HomeTop StoriesFlagler County's purchase adds land to the "crown jewel" Princess Place Preserve

Flagler County’s purchase adds land to the “crown jewel” Princess Place Preserve

Flagler County and the St. Johns River Water Management District added another 25 acres along Princess Place Road, adding to the county’s park system. The purchase also improves the Pellicer Creek Conservation Corridor, the province stated on March 28, 2024.

Flagler County and the St. Johns River Water Management District added another 25 acres to Princess Place Preserve, the “crown jewel” of the county’s park system, through a $700,000 purchase.

The purchase was the first in a decade through the county’s Environmentally Sensitive Lands program, county communications coordinator Julie Murphy wrote in a news release.

The land is located along Princess Place Road and is bordered on three sides by the St. Johns River Water Management District’s Pellicer Creek Conservation Area – approximately 3,000 acres of natural area in northeastern Flagler County that is connected to the 1,500-acre Princess Place Preserve.

The acquisition strengthens the Pellicer Creek Conservation Corridor, which preserves and protects the region’s habitat and water supply, said Deputy Director of General Services Mike Lagasse.

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“This is a great addition to our inventory of protected areas,” Lagasse said. “It is known as the ‘Kelly’ lot, previously owned by a family of the same name, and was the last private, undeveloped lot on Princess Place Road.”

The land was purchased from James and Judith Kelly of the JJKelly Trust for $700,000, according to a warranty deed.

Flagler County’s Environmentally Sensitive Lands program was initiated in the late 1980s to acquire and preserve environmentally sensitive lands for recreation, water recharge and as habitat for endangered species.

“The Environmentally Sensitive Lands Program has truly benefited Flagler County and the municipalities,” Lagasse said. “Where possible, we seek to leverage our funds with other sources, such as the state’s Florida Forever program or the St. Johns River Water Management District, to increase ESL’s purchasing power. It brings money back to the province.”

The St. Johns River Water Management District will manage the new property because it is adjacent to the Pellicer Creek Conservation Area.

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“This purchase is a great reminder of the work the Environmentally Sensitive Lands program has done in Flagler County since the late 1980s,” said County Administrator Heidi Petito. “It is important to preserve and preserve properties that our local landowners and citizens have identified as critical to remaining natural for future generations.”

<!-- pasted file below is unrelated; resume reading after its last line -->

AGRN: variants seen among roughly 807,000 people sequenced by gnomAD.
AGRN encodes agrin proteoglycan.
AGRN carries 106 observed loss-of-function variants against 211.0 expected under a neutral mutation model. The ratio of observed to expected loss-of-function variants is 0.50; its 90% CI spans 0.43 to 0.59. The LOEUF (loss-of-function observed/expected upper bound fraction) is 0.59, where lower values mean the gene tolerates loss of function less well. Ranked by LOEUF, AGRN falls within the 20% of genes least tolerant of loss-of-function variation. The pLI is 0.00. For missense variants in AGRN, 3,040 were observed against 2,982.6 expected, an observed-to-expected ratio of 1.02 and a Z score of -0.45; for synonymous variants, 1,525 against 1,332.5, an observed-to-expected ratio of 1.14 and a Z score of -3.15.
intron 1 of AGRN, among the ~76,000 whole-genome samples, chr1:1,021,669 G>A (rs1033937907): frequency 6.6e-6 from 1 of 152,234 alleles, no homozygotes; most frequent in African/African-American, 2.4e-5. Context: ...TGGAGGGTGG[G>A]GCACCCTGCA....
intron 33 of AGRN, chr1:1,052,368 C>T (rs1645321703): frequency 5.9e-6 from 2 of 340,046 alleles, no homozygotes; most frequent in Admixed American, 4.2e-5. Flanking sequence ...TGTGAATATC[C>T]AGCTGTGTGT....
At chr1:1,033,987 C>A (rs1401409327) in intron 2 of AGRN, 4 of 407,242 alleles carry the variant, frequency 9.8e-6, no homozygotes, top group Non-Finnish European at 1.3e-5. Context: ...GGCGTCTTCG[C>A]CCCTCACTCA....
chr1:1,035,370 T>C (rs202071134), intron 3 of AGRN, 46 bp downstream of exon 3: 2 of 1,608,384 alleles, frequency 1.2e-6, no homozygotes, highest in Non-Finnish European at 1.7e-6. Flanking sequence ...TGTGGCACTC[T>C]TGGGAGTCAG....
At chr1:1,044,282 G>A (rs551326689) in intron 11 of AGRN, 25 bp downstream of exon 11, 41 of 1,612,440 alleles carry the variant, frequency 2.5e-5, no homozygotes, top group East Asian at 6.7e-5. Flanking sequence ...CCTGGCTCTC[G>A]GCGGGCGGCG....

Murphy provided this history of Flagler County’s Environmentally Sensitive Lands Program:

  • In order to preserve Princess Place for the public, Flagler County voters in 1988 approved an ad valorem tax to acquire environmentally sensitive lands, recreational areas and water conservation areas.

  • The Land Acquisition Selection Advisory Committee (LAC) was formed in 1989 to advise the Flagler County Board of County Commissioners on potential acquisitions.

  • The first purchase was Bings Landing Park in 1989. Princess Place Preserve was purchased in phases in 1993 and 1996.

  • In 1998, the Board of County Commissioners decided to refinance the original bond and obtain additional funds – backed by debt service – giving the county an additional $1.52 million for land purchases.

  • In 2002, more than 74% of voters confirmed their support for the program by adopting a referendum for the issuance of bonds from environmentally sensitive countries. This allowed the county to issue general obligation bonds not to exceed $6.7 million, payable from annual ad valorem taxes levied at a rate of not more than 0.163 mill for a term of not more than 14 years.

  • Voters approved a referendum in 2008 that extended the program for another 20 years and provided the flexibility to fund up to $40 million.

  • This new program also included a provision that allowed an amount equal to up to 10% of the purchase price to be used for land management, improving public access and improving habitat.

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This article originally appeared in The Daytona Beach News-Journal: Flagler County adds land to ‘crown jewel’ Princess Place Preserve

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